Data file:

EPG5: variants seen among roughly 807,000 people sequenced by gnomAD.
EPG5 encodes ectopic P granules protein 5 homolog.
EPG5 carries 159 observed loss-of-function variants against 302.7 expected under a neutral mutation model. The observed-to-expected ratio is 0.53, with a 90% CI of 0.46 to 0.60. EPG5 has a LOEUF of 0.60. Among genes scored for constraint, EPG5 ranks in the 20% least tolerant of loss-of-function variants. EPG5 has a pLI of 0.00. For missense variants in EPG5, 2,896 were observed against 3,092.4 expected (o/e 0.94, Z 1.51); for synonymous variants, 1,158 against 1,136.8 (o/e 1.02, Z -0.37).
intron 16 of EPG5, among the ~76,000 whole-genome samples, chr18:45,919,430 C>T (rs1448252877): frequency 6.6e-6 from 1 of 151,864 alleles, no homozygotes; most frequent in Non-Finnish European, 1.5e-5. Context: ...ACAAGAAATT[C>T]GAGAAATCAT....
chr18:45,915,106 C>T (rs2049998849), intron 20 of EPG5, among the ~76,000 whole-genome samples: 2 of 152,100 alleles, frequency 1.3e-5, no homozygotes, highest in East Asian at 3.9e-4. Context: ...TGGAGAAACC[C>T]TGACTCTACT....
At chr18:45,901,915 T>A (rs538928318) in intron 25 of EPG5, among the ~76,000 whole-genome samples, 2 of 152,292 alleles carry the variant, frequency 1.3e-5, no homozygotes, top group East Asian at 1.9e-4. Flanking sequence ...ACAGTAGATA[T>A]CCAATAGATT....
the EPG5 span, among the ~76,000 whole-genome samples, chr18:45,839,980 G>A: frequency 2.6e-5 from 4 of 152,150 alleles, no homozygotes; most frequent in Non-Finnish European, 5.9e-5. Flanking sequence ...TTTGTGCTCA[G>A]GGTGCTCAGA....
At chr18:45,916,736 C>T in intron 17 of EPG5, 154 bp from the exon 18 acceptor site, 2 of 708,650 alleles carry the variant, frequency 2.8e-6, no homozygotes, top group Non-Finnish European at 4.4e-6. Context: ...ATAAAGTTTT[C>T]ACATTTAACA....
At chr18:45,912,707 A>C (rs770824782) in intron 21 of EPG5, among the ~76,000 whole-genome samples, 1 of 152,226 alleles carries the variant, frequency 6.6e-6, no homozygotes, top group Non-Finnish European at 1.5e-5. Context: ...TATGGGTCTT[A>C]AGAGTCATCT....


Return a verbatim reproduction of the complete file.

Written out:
EPG5: variants seen among roughly 807,000 people sequenced by gnomAD.
EPG5 encodes ectopic P granules protein 5 homolog.
EPG5 carries 159 observed loss-of-function variants against 302.7 expected under a neutral mutation model. The observed-to-expected ratio is 0.53, with a 90% CI of 0.46 to 0.60. EPG5 has a LOEUF of 0.60. Among genes scored for constraint, EPG5 ranks in the 20% least tolerant of loss-of-function variants. EPG5 has a pLI of 0.00. For missense variants in EPG5, 2,896 were observed against 3,092.4 expected (o/e 0.94, Z 1.51); for synonymous variants, 1,158 against 1,136.8 (o/e 1.02, Z -0.37).
intron 16 of EPG5, among the ~76,000 whole-genome samples, chr18:45,919,430 C>T (rs1448252877): frequency 6.6e-6 from 1 of 151,864 alleles, no homozygotes; most frequent in Non-Finnish European, 1.5e-5. Context: ...ACAAGAAATT[C>T]GAGAAATCAT....
chr18:45,915,106 C>T (rs2049998849), intron 20 of EPG5, among the ~76,000 whole-genome samples: 2 of 152,100 alleles, frequency 1.3e-5, no homozygotes, highest in East Asian at 3.9e-4. Context: ...TGGAGAAACC[C>T]TGACTCTACT....
At chr18:45,901,915 T>A (rs538928318) in intron 25 of EPG5, among the ~76,000 whole-genome samples, 2 of 152,292 alleles carry the variant, frequency 1.3e-5, no homozygotes, top group East Asian at 1.9e-4. Flanking sequence ...ACAGTAGATA[T>A]CCAATAGATT....
the EPG5 span, among the ~76,000 whole-genome samples, chr18:45,839,980 G>A: frequency 2.6e-5 from 4 of 152,150 alleles, no homozygotes; most frequent in Non-Finnish European, 5.9e-5. Flanking sequence ...TTTGTGCTCA[G>A]GGTGCTCAGA....
At chr18:45,916,736 C>T in intron 17 of EPG5, 154 bp from the exon 18 acceptor site, 2 of 708,650 alleles carry the variant, frequency 2.8e-6, no homozygotes, top group Non-Finnish European at 4.4e-6. Context: ...ATAAAGTTTT[C>T]ACATTTAACA....
At chr18:45,912,707 A>C (rs770824782) in intron 21 of EPG5, among the ~76,000 whole-genome samples, 1 of 152,226 alleles carries the variant, frequency 6.6e-6, no homozygotes, top group Non-Finnish European at 1.5e-5. Context: ...TATGGGTCTT[A>C]AGAGTCATCT....